Newsflash: I’m Cheap.

Well, maybe not cheap, but I don’t have a ton of disposable income, which is why I have to browse the bargains for gear to help me achieve what I want out of my photography. Here are three extremely inexpensive things I find indispensible:

1. A notebook

$0.69 at Wal-Mart. I like to use mine to record exposure data and notes about photos I’ve made or possible locations for photos I have yet to make. A flexible, yet durable, plastic cover helps it not get soggy taking it in and out of the camera bag on wet days, and it stays on the notebook (unlike some other composition-type notebooks). Oh, I forgot to mention it’s also narrow-ruled. Cancel your Field Notes subscription, those folks played you like a chump.

2. L-Plate Bracket

The ball head on my also-cheap tripod is fantastic for what I paid for it, but trying to orient it to shoot portraits is an absolute pain-in-the-neck. My penny-pinching solution? This L-plate bracket I bought from Amazon. Made from “aluminum alloy” (whatever that means), it’s lightweight, sturdy enough to support my Mamiya m645, and at $6.41 (no, that is not a typo) you’d be insane to not pick one up. I can buy 10 of these for one “high end” model, and I highly doubt those are worth 10x as much as this baby. For the hobbyist on a budget, this is a no-brainer.

3. Circular Polarizer

I live in Florida and glare is a harsh reality. If you don’t own polarized sunglasses in the Sunshine State, you might as well stare at the sun, it’s that bad. So then, why wouldn’t I have a pair of sunglasses in my kit to help my camera see better during those sunny days? This circular polarizer is another one of those tools that I could break or lose a few times before I’ve spent as much as a brand name polarizer.  While I haven’t done the pixel-peeping research to truly compare images, at normal viewing the image quality is on par if not better with a more expensive polarizer I owned and dropped. It’s definitely worth the $12 I paid for it, and then some.

So there you have it! Three budget solutions for pieces of gear we all need. If you’re like me and just love to get out and shoot, you really can’t go wrong with any of these. Now, I know that certain things like filter and tripods, you truly do get a better product when you pay a little bit more, but for someone like myself who is new to shooting film and is still getting a handle on exposure, composition, and the other nuts and bolts of photography, it makes more sense for me to spend less money to make the same rookie mistakes. If you have any comments or suggestions for other cheap, but useful gear, hit me up on Twitter at @AnalogHobbyist!




Resisting Temptation

I’ll be honest, I’ve had quite a bad case of GAS lately. Wait, no, that’s not what I mean! Gear Acquistion Syndrome, not the other kind! Sheesh! I’ve been browsing eBay ready to pounce on a new compact or medium format (I’ve had my eye on a Ricoh GR or a Fuji GA645zi), but I haven’t pulled the trigger because of a lack of funds. Delaying gratification is not one of my strong suits, which makes me wonder how I fell into film photography in the first place!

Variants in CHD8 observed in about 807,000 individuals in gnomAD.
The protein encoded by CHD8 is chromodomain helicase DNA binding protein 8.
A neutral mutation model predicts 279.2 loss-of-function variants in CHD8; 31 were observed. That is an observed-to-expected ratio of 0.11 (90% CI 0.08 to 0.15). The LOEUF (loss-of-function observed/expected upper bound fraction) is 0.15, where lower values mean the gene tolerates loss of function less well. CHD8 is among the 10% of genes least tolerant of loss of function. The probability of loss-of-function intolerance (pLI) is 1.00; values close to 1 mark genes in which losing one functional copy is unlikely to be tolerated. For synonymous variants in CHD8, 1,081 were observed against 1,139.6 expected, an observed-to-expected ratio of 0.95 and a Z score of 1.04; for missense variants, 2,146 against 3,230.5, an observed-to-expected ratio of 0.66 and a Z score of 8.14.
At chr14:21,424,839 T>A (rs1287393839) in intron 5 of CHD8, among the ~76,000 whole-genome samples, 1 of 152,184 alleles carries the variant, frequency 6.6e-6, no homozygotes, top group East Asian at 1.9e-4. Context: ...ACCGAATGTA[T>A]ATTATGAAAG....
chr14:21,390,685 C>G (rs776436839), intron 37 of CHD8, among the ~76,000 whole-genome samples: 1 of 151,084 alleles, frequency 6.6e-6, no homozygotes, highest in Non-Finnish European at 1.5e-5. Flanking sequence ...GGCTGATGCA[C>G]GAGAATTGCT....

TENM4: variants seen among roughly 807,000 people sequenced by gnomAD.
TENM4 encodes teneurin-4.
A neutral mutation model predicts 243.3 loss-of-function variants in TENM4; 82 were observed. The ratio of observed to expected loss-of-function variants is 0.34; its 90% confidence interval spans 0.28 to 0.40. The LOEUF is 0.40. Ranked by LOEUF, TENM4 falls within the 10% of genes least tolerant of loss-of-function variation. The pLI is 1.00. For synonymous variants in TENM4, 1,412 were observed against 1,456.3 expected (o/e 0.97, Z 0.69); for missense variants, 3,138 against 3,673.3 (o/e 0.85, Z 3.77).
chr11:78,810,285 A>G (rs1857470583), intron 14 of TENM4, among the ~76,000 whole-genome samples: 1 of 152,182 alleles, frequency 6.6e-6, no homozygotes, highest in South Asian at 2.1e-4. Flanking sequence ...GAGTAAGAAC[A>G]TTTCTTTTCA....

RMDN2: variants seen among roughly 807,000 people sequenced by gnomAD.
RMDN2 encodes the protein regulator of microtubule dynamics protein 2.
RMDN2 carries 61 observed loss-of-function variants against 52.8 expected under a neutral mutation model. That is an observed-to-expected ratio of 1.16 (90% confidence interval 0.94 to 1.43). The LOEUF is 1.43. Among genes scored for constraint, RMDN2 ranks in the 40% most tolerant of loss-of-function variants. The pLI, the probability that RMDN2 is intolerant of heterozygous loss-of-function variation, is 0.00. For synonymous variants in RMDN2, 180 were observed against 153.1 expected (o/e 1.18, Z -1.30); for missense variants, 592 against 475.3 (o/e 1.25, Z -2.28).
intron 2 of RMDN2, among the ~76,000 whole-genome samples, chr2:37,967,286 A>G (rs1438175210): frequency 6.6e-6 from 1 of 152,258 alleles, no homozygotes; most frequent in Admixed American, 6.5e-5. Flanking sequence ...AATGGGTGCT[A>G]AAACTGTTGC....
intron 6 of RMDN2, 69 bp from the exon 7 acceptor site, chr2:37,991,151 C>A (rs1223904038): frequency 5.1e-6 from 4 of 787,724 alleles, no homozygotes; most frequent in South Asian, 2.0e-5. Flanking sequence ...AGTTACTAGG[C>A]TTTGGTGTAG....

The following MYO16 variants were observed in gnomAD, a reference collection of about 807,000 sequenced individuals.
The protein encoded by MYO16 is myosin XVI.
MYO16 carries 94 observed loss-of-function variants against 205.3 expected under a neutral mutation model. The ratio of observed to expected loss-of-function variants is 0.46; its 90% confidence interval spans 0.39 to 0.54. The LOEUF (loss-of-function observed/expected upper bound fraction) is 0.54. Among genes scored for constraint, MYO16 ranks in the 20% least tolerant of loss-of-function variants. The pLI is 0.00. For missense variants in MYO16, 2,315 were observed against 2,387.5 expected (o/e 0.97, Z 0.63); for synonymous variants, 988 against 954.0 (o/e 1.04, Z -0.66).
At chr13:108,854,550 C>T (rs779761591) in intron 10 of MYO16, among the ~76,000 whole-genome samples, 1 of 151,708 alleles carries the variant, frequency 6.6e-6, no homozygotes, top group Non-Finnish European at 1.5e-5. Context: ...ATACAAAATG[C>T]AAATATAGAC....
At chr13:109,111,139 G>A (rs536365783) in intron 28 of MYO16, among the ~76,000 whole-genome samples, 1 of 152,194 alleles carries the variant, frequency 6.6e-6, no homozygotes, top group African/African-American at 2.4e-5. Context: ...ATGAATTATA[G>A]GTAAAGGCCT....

Anyhow, wanting a new camera has made me think about why I want a new camera and what I would do if I got one. Ultimately, a camera is a tool, and like any tool, some are better suited for certain situations. At my skill level, I need something simple, forgiving, and easy to operate and maintain. The Canon AE-1 Program and Olympus XA2 I already own fit this description perfectly. Both are very affordable, both have decent image quality for the price, and both are simple and effective tools for taking pictures. I want a new camera because I think it will jump start my creativity and compel me to shoot more often. I know this is not the case! Both of these cameras are perfect for me (a beginner) to get my feet wet and learn about exposure, composition, and film stocks. Buying a new, fancier camera won’t help me learn about any of those things faster or better. Ultimately, I would be shooting the same things and making the same mistakes, but those mistakes would carry a bit more cost with them! Real motivation to shoot needs to come from within and not from an eBay purchase.

Why am I writing this? Mostly as way to talk mysef out of buying something I don’t need, but also to let you know a bit about my thought process and reason for starting this blog. It’s not about camera porn or finding some crazy cult cameras to write about, but rather it’s about a beginner wanting to get better at film photography and documenting that journey. Being honest about what I’m doing and why I’m doing it must come first in order to have this blog become the product I want it to be. Hopefully, some awesome shots are a happy by-product of that process, but until those happen, I’ll be content to waste a few rolls of film to learn the craft!